These days, social media platforms like Twitter are an integral part of K-Pop fandom life—but it wasn’t always that way. New data gathered and analyzed by K-Pop Radar shows how second, third, and fourth-generation groups use Twitter differently.
According to K-Pop Radar’s analysis, K-Pop began with Seo Taiji and Boys, who began “Generation 0” almost 30 years ago. Their debut came at the time of a revolution in mass culture, but since the internet hadn’t entered general use in 1992, fandom was solely offline-based.
Next came the first generation in 1996 with groups like Shinhwa, S.E.S, Sechs Kies, and G.O.D. While online fan communication did begin growing in closed circles, K-Pop was still predominantly an offline interest.
But everything changed when the second generation began, spanning 2003 to 2011 according to K-Pop Radar. With groups beginning to explore global success from 2009 onwards and joining Twitter around 2010, online-based fan communities grew rapidly. Here’s what the data shows about how each generation uses Twitter differently (including tweets from official accounts and member accounts).
1. How long was it until they first tweeted?
Data shows that the number of days it took for groups to post their first tweet decreased significantly from the second generation to the fourth.
On average, second-generation groups took a staggering 1,154 days post-debut to begin tweeting.
By the third generation, groups were posting their first tweets about 132 days after debuting on average.
But now, in the fourth generation, artists begin tweeting long before they even make their debut. These groups post their first tweets an average of 116 days before debuting.
2. How often do they tweet?
Likewise, the average number of tweets has increased over the past three generations of K-Pop.
Second-generation groups post an average of just 1.2 tweets per day.
Third-generation groups, meanwhile, tweet an average of 3.5 times per day.
And that number is doubled for fourth-generation groups, who post an average of 7 tweets per day.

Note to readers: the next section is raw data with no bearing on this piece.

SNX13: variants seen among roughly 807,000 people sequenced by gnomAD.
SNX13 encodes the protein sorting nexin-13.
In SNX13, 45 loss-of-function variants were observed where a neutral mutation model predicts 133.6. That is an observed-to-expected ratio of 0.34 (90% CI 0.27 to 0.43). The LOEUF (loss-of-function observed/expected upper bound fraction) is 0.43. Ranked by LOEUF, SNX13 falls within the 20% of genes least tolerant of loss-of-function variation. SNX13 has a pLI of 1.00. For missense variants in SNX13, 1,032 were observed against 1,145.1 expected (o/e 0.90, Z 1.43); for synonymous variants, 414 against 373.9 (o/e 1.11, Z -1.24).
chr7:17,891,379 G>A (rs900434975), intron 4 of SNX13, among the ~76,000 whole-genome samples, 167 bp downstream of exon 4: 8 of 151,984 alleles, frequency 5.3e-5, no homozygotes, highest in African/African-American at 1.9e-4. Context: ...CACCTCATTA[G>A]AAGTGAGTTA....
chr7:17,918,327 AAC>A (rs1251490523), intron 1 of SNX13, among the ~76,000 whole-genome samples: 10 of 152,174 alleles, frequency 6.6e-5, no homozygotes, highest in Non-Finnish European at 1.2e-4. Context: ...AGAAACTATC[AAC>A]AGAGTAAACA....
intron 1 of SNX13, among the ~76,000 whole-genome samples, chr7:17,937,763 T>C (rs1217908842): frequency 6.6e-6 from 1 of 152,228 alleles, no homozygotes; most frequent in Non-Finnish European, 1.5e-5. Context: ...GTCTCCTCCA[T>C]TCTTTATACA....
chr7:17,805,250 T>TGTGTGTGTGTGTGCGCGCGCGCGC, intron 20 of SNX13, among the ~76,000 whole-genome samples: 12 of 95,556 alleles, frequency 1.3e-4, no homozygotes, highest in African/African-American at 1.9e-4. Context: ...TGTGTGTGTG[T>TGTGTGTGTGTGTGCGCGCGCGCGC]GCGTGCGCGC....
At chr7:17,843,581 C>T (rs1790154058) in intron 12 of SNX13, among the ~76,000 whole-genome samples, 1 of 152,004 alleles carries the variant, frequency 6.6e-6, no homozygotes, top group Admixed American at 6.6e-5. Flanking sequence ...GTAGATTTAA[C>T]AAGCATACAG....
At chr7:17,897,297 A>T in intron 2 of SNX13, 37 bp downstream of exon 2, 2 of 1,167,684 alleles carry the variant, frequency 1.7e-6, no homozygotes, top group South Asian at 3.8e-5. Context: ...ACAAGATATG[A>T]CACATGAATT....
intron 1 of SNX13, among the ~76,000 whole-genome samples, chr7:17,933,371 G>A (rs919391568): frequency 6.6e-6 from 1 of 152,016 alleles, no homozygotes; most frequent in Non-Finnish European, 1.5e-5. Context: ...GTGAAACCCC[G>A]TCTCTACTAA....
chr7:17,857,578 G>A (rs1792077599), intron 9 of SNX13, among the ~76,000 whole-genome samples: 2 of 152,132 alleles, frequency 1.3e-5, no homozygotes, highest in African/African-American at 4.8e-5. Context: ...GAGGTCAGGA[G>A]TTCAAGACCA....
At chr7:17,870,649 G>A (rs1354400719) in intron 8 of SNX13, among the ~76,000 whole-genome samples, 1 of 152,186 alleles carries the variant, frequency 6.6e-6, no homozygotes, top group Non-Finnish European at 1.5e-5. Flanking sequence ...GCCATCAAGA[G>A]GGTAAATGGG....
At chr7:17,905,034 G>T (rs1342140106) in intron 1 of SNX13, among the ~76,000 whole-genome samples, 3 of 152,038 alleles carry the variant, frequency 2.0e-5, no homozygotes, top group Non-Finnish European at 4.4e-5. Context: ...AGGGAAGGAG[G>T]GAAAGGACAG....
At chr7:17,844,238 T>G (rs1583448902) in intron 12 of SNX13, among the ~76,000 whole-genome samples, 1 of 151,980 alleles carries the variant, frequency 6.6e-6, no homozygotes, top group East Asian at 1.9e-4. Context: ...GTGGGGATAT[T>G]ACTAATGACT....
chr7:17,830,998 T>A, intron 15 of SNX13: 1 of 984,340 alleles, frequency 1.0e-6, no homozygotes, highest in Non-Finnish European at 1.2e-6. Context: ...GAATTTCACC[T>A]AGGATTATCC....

3. How quickly do they head overseas?
Twitter usage for K-Pop groups is intrinsically linked to the genre’s global expansion. K-Pop Radar states that the growth of overseas fandoms really took off in the third generation when platforms like YouTube and Twitter became popular, but this expansion is accelerating even more rapidly with the onset of online concerts in the fourth generation.
According to the data, third-generation groups took an average of 582 days (around 1.5 years) to hold their first overseas concerts and 697 days (almost 2 years) to release their first overseas albums.
Fourth-generation groups, meanwhile, hold overseas concerts around 13 months quicker (200 days on average) and release overseas albums an average of 9 months quicker (around 448 days from debut).
4. How do fourth-generation groups use Twitter pre-debut?
One of the biggest marked differences between Twitter use across the generations is definitely pre-debut tweeting according to K-Pop Radar. While the majority of third-generation groups didn’t tweet at all before debuting, most fourth-generation groups do.
On average, data shows fourth-generation groups post about 323 tweets before debuting. Of the groups analyzed in the study, Stray Kids, TREASURE, and TXT had the most pre-debut tweets.
Fourth-generation groups also gain a staggering 562,377 followers on average before making their debut—over half a million in total.